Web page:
-- he has done lots of unconventional things that have really shaken up the establishment—quite the iconoclast!

-- years ago, he was really admired for his outside the box, iconoclastic views and approach, but now he is traditional and conformist in his thinking, like everyone else;
two committee members always clashing because one is orthodox and the other is iconoclastic

-- an iconoclastic blogger; an iconoclastic chef; an architect’s iconoclastic designs; two U.S. senators known for their iconoclasm: Republican John McCain and Democrat Russ Feingold

-- the late Ransom Myers, who iconoclastically took on the fishing industry and national governments and successfully challenged the zeitgeist that “overfishing of the oceans” is an oxymoron

obtuse

-- with regard to the scandalous lane closures on the George Washington Bridge last September, one wonders how anyone sworn to public service can make such a nakedly obtuse decision, no matter what their agenda

-- the presenter kept repeating the material, as if we were much too obtuse to understand the stuff the first time through; Scott has a tin ear for people’s reactions to his stories and jokes, which explains why he spoke so obtusely last evening and offended some of the women present

-- referring to the nearly 100 wild elephants being killed by poachers each day to satisfy the gluttonous and ignoble demand for ivory in China and South East Asia, this author exhorting his Chinese and other readers to goad and shame their respective governments into shedding moral obtuseness and squelching the demand for elephant tusks

-- somebody’s exasperating obtuseness; Congressman Todd Akin’s obtuse remarks about rape costing him the election

-- the fact that the U.S. Senate failed to pass commonsense background checks for gun buyers even in the wake of the murder of 20 elementary school children at Sandyhook bespeaks of the level of obtuseness that prevails in Congress


subservient

-- following the execution of North Korean leader Kim Jong-Un’s uncle for, among other reasons, applauding only tepidly during the dictator’s speeches, you can bet that the people of that Stalinist state will be even more fawning and subservient when in the presence of Jong-Un;  some in Iran showing blind subservience to Supreme Leader Ayatollah Khamenei

-- in our business, product quality is of preeminent importance, so cost reduction targets must always be subservient to quality goals 

-- you’ll witness a lot of deference and subservience when Sharon, our founder and CEO, is running a meeting

-- a medical study that gives the impression of being objective but is actually subservient to the interests of the pharmaceutical industry that paid for it and which, therefore, uses select pieces of data to arrive at its conclusions

-- in many companies, HR playing a subservient role and often being overruled by operations and sales execs


© Copyright 2014  V. J. Singal

Wednesday, February 5, 2014

Adopting the Posture of a Supplicant to Disarm a Superior When You Have to Say something very Disagreeable or Unpalatable

If you are a “Downton Abbey” aficionado, you’ll probably recognize the scene in the video clip below which is from Episode 3, first aired in January 2013.  It occurs when Lord Grantham is told that his wealth has evaporated, thanks to a big investment having gone south.

Notice that just as the bearer of ill tidings (i.e., the person in whose office this meeting is taking place) is about to say that it is Lord Grantham himself who is to blame for that lousy investment decision, he suddenly becomes extremely disarming and apologetic by radically changing his sitting posture and lowering his voice--he assumes the posture of a supplicant, just the thing to do when you are telling your boss that it is he (or she) who screwed up!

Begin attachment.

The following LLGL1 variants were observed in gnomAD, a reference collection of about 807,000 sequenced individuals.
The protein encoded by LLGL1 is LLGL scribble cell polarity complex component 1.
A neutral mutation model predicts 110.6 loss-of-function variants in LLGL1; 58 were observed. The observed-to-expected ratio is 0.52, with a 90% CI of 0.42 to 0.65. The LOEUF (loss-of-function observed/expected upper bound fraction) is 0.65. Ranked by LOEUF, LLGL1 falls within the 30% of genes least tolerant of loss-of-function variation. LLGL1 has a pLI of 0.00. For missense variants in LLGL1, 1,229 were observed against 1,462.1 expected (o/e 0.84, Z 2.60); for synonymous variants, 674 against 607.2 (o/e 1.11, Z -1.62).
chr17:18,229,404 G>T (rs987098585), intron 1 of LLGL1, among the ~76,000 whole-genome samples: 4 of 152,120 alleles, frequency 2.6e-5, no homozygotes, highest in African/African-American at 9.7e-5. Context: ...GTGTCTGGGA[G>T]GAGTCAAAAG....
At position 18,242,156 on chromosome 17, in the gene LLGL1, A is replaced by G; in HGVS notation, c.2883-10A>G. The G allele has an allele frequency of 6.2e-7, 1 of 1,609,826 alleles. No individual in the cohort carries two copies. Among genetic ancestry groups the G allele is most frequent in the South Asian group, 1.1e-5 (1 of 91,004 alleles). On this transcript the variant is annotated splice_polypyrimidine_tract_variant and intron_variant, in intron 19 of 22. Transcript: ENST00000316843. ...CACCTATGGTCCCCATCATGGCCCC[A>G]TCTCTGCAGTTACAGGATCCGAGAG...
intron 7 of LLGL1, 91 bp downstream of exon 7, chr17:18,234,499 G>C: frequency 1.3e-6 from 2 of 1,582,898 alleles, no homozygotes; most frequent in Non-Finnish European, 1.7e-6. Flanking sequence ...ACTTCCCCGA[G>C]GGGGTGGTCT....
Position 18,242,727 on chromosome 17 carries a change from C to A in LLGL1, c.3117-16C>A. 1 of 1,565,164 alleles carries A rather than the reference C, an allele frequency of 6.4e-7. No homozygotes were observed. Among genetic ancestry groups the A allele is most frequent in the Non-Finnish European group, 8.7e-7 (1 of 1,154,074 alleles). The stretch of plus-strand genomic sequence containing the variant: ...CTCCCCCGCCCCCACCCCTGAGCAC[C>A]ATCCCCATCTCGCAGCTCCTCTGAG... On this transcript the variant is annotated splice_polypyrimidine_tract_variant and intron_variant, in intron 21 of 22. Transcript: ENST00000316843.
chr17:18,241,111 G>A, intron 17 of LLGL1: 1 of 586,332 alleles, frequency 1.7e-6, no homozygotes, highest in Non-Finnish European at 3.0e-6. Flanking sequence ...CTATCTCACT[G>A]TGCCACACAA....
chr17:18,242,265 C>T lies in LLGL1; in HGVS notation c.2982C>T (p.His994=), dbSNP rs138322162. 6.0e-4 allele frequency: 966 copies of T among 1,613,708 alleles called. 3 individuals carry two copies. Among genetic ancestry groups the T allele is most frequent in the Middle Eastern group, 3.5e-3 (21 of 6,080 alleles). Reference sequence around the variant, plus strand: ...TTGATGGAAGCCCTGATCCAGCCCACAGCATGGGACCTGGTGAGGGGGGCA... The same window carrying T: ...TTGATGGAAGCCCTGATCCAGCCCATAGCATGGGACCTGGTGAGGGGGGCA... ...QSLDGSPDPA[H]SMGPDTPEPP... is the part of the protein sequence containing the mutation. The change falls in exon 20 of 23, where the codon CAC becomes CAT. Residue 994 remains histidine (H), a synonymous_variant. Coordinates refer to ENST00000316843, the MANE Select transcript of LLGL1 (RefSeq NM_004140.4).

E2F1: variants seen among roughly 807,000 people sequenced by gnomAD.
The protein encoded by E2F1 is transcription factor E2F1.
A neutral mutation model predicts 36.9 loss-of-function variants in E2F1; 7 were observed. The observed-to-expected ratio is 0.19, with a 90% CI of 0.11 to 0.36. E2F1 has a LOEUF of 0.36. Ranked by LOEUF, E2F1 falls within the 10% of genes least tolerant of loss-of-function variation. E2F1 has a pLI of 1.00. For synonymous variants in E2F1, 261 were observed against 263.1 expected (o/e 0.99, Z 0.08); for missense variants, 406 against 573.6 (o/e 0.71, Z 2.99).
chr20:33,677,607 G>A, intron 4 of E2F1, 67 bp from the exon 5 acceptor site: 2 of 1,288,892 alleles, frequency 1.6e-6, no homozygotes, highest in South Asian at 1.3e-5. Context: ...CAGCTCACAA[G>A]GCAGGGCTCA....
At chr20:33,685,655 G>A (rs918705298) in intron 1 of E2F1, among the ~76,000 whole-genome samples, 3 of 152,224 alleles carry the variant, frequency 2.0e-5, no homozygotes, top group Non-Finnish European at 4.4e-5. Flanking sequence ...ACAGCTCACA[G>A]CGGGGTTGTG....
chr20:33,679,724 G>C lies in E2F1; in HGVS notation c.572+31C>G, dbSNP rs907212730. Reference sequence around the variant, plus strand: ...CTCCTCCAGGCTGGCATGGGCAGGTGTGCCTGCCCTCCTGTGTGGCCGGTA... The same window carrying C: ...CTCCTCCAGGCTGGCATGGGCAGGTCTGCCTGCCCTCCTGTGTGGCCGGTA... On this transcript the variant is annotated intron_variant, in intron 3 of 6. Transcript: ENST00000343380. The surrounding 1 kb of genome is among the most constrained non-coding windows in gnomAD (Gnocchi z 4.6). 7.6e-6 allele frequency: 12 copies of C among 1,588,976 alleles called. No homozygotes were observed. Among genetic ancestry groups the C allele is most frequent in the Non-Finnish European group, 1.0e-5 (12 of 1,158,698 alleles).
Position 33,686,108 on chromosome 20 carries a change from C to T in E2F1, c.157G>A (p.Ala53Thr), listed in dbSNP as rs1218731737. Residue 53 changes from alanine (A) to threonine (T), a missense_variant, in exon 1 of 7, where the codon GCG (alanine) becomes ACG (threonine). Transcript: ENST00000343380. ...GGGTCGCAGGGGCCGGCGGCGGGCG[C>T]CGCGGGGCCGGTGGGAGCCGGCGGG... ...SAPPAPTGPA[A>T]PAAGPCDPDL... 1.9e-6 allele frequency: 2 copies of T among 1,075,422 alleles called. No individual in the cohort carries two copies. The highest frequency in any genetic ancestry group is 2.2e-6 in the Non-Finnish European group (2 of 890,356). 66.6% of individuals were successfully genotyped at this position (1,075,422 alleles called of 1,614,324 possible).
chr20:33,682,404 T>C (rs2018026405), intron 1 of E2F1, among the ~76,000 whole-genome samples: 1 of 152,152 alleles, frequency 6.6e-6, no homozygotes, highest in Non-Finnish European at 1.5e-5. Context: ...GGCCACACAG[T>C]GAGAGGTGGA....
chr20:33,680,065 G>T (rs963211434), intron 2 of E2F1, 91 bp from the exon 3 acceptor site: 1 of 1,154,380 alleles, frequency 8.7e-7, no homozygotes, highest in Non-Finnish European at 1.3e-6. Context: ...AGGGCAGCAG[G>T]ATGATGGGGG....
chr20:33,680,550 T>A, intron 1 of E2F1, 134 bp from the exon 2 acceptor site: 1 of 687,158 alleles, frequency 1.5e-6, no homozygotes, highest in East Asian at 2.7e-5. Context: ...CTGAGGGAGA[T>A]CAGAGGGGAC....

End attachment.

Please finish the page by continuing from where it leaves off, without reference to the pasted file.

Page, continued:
Bottom line: When you need to disarm someone and minimize any offense, in addition to using verbal techniques (such as those discussed in my seminars and mentioned in some of the previous posts on disarming), this “physical” or nonverbal, posture-transforming, technique can be a big help, especially when you have to tell your superior face-to-face that he or she is/was wrong!
© Copyright 2014  V. J. Singal
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Tuesday, February 4, 2014

Tip for My Caucasian Readers on How to Create a High-Impact Attire: Capitalize on the Colors in Your Facial Skin When Selecting a Tie

My first post on how to select an appropriate tie (November 28, 2012), which had an accompanying video clip of Sen. Bob Corker of Tennessee to illustrate my point, focused on how someone with light hair could look sharp by picking a tie of somewhat matching color (i.e., matching the color of his hair) and then anchoring the rest of the attire around it. The harmony thus created significantly enhanced the person’s facial glow and his overall appearance.

Well, an alternate starting point for picking a high-impact attire is for a man to select a tie that matches one of the hues that are in his facial skin and then anchor the rest of the attire around it. The video clip below shows Sen. Bob Corker wearing a tie which matches the dominant color of the upper half of his face. Note that this particular approach is especially easy for Caucasian men. Why?  Because of the gradation of pinkish and reddish hues that usually exists on the face of the typical Caucasian, thus allowing him to pick a tie from a wide range of matching and pleasing colors.

My compliments to the exemplary Sen. Corker, a man who knows how to capitalize on the silver gray of his hair and the range of colors embedded in his facial skin.

© Copyright 2014  V. J. Singal